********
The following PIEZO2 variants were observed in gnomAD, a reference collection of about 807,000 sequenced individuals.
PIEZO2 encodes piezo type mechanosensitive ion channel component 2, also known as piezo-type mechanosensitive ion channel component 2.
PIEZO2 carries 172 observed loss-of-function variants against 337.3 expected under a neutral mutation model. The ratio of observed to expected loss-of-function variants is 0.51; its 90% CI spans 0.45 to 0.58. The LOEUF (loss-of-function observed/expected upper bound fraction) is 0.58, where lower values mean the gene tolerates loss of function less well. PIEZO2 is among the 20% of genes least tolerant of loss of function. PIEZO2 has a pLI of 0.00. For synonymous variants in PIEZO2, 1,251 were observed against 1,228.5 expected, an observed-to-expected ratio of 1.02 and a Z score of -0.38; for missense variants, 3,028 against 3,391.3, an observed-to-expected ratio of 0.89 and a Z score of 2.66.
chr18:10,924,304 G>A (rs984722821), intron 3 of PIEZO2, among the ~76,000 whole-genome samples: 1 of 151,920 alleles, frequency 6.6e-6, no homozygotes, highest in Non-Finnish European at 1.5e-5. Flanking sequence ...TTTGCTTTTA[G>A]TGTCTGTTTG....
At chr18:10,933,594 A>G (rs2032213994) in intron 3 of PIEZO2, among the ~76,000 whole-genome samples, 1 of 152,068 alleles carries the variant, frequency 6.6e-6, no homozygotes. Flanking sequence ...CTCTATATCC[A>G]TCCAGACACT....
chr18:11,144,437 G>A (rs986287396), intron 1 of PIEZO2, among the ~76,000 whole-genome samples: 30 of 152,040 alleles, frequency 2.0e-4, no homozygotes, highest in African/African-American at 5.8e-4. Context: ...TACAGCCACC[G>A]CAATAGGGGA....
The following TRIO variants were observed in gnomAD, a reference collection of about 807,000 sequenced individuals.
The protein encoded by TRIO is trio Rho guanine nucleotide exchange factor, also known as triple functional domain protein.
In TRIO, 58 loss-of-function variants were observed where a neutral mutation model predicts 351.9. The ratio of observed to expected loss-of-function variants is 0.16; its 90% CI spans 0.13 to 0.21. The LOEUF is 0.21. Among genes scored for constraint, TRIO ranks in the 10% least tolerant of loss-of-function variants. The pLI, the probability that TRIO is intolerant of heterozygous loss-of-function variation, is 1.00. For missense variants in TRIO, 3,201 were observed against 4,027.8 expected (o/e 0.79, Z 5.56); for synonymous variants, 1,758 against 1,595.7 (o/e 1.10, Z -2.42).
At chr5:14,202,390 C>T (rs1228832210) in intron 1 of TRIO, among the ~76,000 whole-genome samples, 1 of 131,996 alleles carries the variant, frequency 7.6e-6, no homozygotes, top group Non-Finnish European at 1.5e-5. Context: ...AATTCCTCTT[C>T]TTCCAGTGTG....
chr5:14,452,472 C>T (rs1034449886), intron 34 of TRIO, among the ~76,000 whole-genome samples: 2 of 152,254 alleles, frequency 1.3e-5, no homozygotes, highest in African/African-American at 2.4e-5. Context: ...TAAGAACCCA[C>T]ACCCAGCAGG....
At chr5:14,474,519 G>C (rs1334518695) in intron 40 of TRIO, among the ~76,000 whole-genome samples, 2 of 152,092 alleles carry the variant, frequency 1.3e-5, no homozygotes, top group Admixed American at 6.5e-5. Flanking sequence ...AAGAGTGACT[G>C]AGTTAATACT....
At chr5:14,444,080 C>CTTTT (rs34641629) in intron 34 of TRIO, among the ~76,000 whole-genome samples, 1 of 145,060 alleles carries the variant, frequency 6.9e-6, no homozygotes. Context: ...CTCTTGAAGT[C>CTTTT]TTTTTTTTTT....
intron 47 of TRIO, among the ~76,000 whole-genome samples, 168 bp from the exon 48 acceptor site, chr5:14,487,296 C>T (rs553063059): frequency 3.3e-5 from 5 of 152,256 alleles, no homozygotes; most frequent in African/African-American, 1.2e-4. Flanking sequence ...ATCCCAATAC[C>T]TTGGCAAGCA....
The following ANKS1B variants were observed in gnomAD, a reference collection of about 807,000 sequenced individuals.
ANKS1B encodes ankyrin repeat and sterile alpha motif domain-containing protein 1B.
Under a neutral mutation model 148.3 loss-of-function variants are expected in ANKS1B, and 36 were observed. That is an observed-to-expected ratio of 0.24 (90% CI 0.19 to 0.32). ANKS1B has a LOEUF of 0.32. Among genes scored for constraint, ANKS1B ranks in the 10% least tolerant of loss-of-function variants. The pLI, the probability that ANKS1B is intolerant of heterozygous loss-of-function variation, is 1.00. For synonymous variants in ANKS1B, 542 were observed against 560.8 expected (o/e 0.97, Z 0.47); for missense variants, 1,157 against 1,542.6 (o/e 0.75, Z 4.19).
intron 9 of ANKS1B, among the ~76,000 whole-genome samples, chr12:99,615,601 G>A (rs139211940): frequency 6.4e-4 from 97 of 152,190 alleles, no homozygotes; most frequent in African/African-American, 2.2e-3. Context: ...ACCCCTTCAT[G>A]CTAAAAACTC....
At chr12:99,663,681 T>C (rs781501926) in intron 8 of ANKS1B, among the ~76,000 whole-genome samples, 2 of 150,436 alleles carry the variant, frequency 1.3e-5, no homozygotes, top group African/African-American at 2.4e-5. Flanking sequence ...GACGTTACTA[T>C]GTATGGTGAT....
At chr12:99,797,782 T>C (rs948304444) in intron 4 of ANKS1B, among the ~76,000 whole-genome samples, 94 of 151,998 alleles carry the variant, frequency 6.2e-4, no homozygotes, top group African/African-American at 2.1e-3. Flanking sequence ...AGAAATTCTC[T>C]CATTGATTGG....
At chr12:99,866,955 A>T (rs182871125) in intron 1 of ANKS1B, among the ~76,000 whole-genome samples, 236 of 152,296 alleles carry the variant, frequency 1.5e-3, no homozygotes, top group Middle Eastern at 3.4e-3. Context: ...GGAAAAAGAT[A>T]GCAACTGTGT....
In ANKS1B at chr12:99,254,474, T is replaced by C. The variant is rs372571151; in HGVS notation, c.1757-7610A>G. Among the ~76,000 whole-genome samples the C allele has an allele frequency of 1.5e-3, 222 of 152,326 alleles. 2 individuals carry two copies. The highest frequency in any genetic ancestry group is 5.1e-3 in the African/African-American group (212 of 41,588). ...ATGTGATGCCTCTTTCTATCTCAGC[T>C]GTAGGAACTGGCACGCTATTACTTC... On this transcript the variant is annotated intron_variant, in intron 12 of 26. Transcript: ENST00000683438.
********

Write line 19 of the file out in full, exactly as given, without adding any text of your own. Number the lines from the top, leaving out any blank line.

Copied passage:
At chr12:99,663,681 T>C (rs781501926) in intron 8 of ANKS1B, among the ~76,000 whole-genome samples, 2 of 150,436 alleles carry the variant, frequency 1.3e-5, no homozygotes, top group African/African-American at 2.4e-5. Flanking sequence ...GACGTTACTA[T>C]GTATGGTGAT....